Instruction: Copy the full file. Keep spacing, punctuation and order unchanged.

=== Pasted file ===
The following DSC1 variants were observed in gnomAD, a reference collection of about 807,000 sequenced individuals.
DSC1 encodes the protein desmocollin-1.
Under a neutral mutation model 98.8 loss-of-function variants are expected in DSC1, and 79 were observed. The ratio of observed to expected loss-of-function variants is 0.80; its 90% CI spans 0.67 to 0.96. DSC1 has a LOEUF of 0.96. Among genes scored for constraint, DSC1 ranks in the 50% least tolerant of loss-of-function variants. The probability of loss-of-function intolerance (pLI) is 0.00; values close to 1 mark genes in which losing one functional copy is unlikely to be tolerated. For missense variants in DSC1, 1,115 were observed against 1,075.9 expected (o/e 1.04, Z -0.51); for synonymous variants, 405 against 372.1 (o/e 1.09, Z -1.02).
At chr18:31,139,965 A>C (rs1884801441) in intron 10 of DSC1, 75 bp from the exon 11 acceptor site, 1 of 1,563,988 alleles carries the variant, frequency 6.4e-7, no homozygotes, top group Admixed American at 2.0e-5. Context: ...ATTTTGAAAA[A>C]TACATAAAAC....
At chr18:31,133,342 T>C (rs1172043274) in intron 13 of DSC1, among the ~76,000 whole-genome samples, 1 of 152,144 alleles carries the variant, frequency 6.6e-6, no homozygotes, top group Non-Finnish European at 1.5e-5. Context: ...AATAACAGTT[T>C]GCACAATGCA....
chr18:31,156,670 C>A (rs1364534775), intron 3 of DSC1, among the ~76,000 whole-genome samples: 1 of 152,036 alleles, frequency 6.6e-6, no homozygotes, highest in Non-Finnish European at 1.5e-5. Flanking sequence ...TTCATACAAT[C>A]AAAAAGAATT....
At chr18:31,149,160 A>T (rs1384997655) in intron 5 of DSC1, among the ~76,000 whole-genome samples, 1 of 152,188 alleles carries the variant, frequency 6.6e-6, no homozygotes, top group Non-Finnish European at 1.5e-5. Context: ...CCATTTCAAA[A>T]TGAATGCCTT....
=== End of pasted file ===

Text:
The following DSC1 variants were observed in gnomAD, a reference collection of about 807,000 sequenced individuals.
DSC1 encodes the protein desmocollin-1.
Under a neutral mutation model 98.8 loss-of-function variants are expected in DSC1, and 79 were observed. The ratio of observed to expected loss-of-function variants is 0.80; its 90% CI spans 0.67 to 0.96. DSC1 has a LOEUF of 0.96. Among genes scored for constraint, DSC1 ranks in the 50% least tolerant of loss-of-function variants. The probability of loss-of-function intolerance (pLI) is 0.00; values close to 1 mark genes in which losing one functional copy is unlikely to be tolerated. For missense variants in DSC1, 1,115 were observed against 1,075.9 expected (o/e 1.04, Z -0.51); for synonymous variants, 405 against 372.1 (o/e 1.09, Z -1.02).
At chr18:31,139,965 A>C (rs1884801441) in intron 10 of DSC1, 75 bp from the exon 11 acceptor site, 1 of 1,563,988 alleles carries the variant, frequency 6.4e-7, no homozygotes, top group Admixed American at 2.0e-5. Context: ...ATTTTGAAAA[A>C]TACATAAAAC....
At chr18:31,133,342 T>C (rs1172043274) in intron 13 of DSC1, among the ~76,000 whole-genome samples, 1 of 152,144 alleles carries the variant, frequency 6.6e-6, no homozygotes, top group Non-Finnish European at 1.5e-5. Context: ...AATAACAGTT[T>C]GCACAATGCA....
chr18:31,156,670 C>A (rs1364534775), intron 3 of DSC1, among the ~76,000 whole-genome samples: 1 of 152,036 alleles, frequency 6.6e-6, no homozygotes, highest in Non-Finnish European at 1.5e-5. Flanking sequence ...TTCATACAAT[C>A]AAAAAGAATT....
At chr18:31,149,160 A>T (rs1384997655) in intron 5 of DSC1, among the ~76,000 whole-genome samples, 1 of 152,188 alleles carries the variant, frequency 6.6e-6, no homozygotes, top group Non-Finnish European at 1.5e-5. Context: ...CCATTTCAAA[A>T]TGAATGCCTT....